Bakers 360 spans the entire 15th floor of the Chase Bank building downtown. Its dark and unforgiving paint job might border on heavy without the benefit of the panoramic windows from which it gets its name. The expanse accommodates a restaurant, two shiny bars, a dance floor, a nightclub and a couple of exclusive event rooms. Meetings here must be relaxing, and hitting the dance floor on a Friday or Saturday night is probably good fun.
But for diners, my target audience, to most comfortably appreciate the concept, sit in a booth by a window. (The banquettes and their accompanying stools leave the feet dangling like you're in a high chair, and the view from the tables is obscured.) These window seats are doled out first come, first serve by reservation, and they don't seem as easy to score as one might think.
On a clear day or a twinkling night, the view alone justifies a visit to Bakers 360. These advantageous spots commit you to eating, however, which can be a mixed and potentially expensive bag. Like everywhere else in the universe, however, a midday meal reduces the tab significantly — to about $20 for two.
The lunch menu doesn't say this, so be prepared: The chef's choice ravioli ($8), whose filling changes often, might be deep-fried on the day you order it. On the day I visited, it was. It was also stuffed with pulled pork. I hate myself for having liked this crunchy finger food.
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The "petite" spinach salad ($4) was large enough to share but needed a more generous toss of bacon-bourbon vinaigrette. The chocolate almond cheesecake ($7), also plenty for two, was like a Moon Pie, only with an excellent ganache, fluffy almond-flavored cheese filling and chocolate cake. OK, so I guess the only resemblance was the chocolate covering.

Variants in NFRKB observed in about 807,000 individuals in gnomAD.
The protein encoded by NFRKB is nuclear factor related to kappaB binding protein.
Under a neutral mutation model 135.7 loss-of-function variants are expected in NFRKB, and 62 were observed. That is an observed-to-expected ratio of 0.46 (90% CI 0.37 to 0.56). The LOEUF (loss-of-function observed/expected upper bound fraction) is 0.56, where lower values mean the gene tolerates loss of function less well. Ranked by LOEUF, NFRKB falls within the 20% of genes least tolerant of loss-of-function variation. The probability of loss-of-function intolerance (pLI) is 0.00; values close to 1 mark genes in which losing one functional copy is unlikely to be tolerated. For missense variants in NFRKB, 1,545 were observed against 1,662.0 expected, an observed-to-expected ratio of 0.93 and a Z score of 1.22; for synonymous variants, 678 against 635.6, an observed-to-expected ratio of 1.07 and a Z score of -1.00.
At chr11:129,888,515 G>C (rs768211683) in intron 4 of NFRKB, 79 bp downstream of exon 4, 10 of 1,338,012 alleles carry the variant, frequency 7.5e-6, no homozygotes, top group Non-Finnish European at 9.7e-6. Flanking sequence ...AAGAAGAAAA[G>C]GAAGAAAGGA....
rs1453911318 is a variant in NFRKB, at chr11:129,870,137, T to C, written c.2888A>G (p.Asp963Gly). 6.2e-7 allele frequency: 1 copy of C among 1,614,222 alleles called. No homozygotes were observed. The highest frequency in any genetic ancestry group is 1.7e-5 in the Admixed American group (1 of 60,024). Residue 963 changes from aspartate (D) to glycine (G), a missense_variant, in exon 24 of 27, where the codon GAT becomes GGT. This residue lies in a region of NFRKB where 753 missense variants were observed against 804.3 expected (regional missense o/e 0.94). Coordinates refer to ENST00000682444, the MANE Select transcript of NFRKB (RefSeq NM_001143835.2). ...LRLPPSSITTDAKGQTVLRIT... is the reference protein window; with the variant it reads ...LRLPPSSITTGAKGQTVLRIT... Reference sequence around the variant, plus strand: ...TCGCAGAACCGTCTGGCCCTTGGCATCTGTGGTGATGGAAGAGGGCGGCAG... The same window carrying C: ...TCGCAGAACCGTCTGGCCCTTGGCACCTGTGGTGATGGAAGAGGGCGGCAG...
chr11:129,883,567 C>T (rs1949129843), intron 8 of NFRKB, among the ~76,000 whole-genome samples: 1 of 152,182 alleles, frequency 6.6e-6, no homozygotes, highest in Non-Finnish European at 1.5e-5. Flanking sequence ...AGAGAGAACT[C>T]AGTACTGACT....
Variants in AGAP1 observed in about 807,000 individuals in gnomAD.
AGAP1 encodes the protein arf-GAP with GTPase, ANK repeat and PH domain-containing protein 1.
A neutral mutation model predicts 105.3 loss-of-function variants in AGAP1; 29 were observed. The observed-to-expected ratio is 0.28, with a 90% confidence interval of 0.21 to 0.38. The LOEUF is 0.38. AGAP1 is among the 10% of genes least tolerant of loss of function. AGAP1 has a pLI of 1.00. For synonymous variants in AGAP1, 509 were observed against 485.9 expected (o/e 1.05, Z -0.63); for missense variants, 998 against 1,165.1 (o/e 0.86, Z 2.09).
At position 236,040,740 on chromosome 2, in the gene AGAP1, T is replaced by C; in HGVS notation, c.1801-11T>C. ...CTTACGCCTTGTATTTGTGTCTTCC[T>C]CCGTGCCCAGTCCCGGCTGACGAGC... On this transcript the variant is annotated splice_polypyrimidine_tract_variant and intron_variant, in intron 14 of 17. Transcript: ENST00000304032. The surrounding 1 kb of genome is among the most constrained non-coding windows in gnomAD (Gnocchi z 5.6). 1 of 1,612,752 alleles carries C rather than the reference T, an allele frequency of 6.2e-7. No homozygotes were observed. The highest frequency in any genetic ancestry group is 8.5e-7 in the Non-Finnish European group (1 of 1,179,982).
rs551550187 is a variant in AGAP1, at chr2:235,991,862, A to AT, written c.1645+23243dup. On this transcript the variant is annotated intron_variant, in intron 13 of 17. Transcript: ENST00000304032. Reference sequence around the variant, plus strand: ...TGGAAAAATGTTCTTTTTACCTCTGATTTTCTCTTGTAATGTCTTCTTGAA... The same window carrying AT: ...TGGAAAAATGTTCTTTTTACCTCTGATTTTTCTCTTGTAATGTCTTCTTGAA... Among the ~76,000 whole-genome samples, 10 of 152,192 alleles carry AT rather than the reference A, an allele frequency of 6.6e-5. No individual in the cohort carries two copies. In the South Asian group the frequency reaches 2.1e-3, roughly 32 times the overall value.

Another budget-friendly route is to order sushi.
The Baker's Roll ($16) is a must-try. The rice was slightly sweet, the avocado at ideal ripeness (why bother otherwise?) and each gentle drape of salmon and tuna was ocean-fresh. The dramatic plate was splattered, lined and squiggled with green- and burnt orange-colored mayonnaise, spiked respectively with wasabi and harissa (spicy North African chili paste). The roll itself was wrapped in baby-pink soy paper, then sprinkled with delicate fish roe that were black, orange and chartreuse. Sheer artistry.
This would easily feed two people with normal appetites. You could add the hot noodle salad ($4) with bits of Napa cabbage, shiitake and carrots, but it's more pasta than vegetables. The sushi bar offers seaweed salad for $4.50, but the sushi chef told me it's not made in-house.
A major emphasis at Bakers 360 is given to meat. Steak is done exceptionally well, albeit at prices of $30 to $39 for large portions on a menu that is entirely a la carte. Toppings, like béarnaise ($3) or Alaskan king crab ($7), are extra — which seems ridiculous. A two-course dinner with one glass of wine and sides was about $80, but exuberant ordering could add up to a lot more.
I love that the "house bread" is a hot baguette from Sunrise Bakery. What better way to begin a meal? By comparison, the black bean griddle cakes ($6), three plump little discs of lightly seasoned ground and whole black beans, topped with a dollop of mild guacamole, seemed greasy and ordinary.
The small filet mignon ($30 for 9 ounces) was perfectly cooked to medium rare — deep pink in the middle and tender as butter. It melted in my mouth, far and away the best steak I have had in a Lexington restaurant.
And kudos go to whoever selected the Napa Newton claret as a "by the glass" wine for $10. It goes beautifully with beef.
Equally well executed was the juicy half-chicken ($19), served simply with a light demi-glace and chopped parsley. The skin was crisp, salty and deep brown. I could have finished the whole bird. Only conscience of some sort stopped me.
Two accompaniments were intended to bring some green to the plate. The blistered roasted asparagus ($7) succeeded and went beyond, with the richness of toasted hazelnuts and saltiness of paper-thin ham slices. But I was disappointed in the creamed spinach ($6). Rather than a bright purée lightly tempered with cream sauce, the spinach was overwhelmed by the white sauce. Not very pretty and not to the point.
Bakers 360 has an ambitious plan with many facets. The place is doing some things quite right, yet as a whole, it feels like a work in progress. With a little more critical thinking and attention to detail, in both ambience and menu, it could earn the bragging rights that come with the view.